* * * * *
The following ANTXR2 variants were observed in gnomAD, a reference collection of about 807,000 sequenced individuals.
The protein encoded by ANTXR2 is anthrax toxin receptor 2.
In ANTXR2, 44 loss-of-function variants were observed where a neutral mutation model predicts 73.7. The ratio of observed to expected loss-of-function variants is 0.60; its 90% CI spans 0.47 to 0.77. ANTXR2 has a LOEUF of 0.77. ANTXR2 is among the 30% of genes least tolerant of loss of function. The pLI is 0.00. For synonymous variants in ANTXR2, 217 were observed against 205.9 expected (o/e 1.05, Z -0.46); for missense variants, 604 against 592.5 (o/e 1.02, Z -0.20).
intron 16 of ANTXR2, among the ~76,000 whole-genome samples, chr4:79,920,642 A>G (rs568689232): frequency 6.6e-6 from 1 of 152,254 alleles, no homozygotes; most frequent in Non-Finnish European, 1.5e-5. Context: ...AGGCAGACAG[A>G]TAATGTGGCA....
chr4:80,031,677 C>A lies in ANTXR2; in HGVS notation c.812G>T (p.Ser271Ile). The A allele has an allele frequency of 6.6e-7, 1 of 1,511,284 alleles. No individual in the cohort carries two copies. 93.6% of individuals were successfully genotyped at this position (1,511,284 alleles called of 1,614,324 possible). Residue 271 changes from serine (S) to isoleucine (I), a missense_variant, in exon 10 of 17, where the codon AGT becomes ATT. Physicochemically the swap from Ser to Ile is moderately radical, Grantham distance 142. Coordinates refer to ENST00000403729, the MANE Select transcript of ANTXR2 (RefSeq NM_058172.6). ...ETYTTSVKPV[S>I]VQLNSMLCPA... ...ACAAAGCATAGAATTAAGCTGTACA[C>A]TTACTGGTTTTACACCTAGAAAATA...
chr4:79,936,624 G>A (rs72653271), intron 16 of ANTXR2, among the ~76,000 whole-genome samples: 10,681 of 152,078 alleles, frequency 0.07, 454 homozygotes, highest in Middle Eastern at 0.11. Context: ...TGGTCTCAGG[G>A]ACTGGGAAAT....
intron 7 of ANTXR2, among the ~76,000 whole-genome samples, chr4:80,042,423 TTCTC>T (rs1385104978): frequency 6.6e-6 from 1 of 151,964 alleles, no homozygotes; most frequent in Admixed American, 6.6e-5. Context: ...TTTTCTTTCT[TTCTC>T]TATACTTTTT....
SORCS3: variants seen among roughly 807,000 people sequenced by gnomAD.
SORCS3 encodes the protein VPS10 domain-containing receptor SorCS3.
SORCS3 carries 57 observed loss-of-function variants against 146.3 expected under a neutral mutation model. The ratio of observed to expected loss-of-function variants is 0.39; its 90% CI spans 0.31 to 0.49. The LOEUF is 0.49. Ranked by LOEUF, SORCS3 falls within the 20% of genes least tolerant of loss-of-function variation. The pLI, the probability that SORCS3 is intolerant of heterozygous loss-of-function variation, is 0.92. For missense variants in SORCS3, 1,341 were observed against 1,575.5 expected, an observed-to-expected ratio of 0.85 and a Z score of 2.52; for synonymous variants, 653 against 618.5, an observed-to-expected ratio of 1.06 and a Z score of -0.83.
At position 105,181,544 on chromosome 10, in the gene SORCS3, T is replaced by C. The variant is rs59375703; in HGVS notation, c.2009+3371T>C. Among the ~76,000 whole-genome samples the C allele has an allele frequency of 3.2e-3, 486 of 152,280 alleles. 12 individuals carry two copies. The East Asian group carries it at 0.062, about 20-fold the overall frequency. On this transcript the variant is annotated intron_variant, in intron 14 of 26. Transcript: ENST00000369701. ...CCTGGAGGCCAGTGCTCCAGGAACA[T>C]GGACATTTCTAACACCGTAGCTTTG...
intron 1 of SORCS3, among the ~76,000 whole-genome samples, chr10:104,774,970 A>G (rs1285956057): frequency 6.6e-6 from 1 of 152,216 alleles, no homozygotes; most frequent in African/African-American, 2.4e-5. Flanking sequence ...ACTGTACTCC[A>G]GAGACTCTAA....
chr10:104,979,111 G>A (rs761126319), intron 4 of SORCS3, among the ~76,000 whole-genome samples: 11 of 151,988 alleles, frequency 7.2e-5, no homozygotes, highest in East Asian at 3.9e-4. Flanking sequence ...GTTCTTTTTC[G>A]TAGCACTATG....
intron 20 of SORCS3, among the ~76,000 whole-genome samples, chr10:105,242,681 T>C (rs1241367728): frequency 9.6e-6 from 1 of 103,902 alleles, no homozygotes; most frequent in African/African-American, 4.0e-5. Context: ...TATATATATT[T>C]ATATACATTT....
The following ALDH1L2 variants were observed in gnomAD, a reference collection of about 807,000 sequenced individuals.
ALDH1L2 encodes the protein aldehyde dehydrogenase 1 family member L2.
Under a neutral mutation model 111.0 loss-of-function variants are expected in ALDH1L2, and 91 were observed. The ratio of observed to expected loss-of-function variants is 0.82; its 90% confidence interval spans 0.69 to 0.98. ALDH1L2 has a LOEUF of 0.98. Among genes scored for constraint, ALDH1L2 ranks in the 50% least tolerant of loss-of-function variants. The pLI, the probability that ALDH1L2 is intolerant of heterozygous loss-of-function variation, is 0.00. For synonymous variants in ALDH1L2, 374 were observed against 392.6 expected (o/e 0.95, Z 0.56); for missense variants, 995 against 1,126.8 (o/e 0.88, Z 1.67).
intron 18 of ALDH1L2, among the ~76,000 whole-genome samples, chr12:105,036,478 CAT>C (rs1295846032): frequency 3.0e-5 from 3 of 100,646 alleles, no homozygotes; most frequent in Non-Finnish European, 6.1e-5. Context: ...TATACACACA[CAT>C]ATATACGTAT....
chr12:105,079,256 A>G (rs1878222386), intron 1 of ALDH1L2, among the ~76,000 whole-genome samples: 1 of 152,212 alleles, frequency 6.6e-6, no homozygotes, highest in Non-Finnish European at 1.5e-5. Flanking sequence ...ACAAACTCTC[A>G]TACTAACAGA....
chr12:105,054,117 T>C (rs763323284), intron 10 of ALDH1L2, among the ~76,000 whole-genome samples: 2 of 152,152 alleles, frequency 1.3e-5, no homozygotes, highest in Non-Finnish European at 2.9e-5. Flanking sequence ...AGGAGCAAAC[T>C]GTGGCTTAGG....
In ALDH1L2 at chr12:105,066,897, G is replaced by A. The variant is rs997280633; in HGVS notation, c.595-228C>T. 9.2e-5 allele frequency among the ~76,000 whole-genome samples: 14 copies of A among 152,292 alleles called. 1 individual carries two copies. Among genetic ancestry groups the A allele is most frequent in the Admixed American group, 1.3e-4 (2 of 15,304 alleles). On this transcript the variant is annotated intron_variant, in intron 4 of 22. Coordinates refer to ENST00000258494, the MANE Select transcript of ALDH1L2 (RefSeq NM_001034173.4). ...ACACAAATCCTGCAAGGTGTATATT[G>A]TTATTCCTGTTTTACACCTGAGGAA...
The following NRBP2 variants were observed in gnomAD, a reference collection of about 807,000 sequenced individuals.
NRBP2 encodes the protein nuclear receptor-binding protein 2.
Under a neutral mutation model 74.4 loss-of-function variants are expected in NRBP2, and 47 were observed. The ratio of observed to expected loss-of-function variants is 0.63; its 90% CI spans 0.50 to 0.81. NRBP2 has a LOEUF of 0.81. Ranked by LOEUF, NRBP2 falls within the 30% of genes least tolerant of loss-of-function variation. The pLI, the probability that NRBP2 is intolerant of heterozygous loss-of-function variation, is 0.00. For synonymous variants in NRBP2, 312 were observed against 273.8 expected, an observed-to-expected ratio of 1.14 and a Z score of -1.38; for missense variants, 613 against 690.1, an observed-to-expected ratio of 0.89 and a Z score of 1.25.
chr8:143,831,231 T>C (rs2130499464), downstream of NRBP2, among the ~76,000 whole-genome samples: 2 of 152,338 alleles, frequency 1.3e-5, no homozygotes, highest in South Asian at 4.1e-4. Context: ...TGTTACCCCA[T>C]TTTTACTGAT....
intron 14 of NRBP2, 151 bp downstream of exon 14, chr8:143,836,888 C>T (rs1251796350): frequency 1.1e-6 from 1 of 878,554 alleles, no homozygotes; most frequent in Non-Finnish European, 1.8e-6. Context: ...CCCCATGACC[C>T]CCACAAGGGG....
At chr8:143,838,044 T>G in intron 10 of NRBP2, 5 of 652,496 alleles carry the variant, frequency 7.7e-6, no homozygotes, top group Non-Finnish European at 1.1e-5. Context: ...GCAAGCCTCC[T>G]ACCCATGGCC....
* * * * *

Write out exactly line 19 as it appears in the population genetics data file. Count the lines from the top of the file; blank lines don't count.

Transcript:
chr12:105,079,256 A>G (rs1878222386), intron 1 of ALDH1L2, among the ~76,000 whole-genome samples: 1 of 152,212 alleles, frequency 6.6e-6, no homozygotes, highest in Non-Finnish European at 1.5e-5. Flanking sequence ...ACAAACTCTC[A>G]TACTAACAGA....